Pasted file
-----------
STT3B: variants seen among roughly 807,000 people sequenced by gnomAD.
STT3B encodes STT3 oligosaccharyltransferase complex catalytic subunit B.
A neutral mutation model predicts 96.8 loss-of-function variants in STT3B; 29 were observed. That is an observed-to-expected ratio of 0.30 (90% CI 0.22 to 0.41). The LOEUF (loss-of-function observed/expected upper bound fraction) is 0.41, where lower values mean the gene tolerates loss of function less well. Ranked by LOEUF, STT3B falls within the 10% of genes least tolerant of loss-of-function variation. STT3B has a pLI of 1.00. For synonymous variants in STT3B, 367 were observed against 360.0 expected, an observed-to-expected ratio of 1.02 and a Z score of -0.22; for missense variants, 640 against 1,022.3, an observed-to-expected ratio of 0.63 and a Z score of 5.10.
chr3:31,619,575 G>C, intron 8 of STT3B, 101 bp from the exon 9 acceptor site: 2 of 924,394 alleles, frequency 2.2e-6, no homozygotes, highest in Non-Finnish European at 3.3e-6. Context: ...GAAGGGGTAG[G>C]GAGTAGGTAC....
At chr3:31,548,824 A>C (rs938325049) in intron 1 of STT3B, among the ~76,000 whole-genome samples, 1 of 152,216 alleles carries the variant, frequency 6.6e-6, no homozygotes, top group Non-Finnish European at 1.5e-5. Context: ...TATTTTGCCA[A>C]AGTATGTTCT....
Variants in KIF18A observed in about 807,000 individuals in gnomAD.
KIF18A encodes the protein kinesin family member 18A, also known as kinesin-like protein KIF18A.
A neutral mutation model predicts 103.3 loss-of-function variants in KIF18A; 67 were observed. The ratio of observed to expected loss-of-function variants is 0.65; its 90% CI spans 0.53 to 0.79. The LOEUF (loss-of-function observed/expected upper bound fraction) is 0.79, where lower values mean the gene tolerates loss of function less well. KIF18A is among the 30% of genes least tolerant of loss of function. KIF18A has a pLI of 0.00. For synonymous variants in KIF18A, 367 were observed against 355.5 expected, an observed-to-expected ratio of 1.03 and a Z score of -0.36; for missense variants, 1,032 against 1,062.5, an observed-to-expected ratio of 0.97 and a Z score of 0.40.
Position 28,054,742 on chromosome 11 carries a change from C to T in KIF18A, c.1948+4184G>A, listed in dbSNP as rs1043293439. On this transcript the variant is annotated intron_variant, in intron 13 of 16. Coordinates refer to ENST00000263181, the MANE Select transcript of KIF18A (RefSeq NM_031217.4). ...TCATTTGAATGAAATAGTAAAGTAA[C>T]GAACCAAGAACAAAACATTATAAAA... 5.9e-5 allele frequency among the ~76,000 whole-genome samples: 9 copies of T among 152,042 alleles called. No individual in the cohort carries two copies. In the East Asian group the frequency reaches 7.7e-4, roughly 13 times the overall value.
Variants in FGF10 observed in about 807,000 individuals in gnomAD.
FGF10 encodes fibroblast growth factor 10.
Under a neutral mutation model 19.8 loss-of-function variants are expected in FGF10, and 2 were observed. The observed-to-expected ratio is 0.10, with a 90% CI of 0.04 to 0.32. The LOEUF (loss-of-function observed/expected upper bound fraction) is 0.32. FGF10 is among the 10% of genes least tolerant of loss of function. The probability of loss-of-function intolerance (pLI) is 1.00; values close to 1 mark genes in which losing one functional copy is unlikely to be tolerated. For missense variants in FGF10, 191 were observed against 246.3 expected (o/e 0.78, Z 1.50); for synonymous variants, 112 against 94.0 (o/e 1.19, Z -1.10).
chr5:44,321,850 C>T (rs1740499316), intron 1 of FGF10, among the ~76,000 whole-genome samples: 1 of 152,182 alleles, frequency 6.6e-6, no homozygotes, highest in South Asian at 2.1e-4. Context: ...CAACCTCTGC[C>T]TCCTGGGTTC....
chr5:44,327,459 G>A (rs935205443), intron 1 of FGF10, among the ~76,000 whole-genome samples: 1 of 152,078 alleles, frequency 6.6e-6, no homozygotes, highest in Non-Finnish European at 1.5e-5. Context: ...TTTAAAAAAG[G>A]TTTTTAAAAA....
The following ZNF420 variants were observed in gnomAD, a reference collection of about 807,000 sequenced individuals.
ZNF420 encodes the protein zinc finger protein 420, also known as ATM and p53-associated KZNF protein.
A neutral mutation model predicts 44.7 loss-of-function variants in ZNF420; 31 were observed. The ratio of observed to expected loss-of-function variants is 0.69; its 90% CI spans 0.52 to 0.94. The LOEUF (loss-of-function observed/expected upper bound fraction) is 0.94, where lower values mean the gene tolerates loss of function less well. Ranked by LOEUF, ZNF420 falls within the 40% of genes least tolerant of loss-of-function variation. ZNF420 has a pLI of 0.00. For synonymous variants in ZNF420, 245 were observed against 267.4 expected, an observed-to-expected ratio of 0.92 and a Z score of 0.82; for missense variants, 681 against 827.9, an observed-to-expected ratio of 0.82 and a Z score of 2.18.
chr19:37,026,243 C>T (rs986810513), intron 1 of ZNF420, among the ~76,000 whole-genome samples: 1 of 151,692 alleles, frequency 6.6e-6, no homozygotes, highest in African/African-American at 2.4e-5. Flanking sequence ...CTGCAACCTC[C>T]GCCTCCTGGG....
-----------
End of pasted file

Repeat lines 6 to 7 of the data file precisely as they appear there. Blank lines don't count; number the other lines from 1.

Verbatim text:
Variants in KIF18A observed in about 807,000 individuals in gnomAD.
KIF18A encodes the protein kinesin family member 18A, also known as kinesin-like protein KIF18A.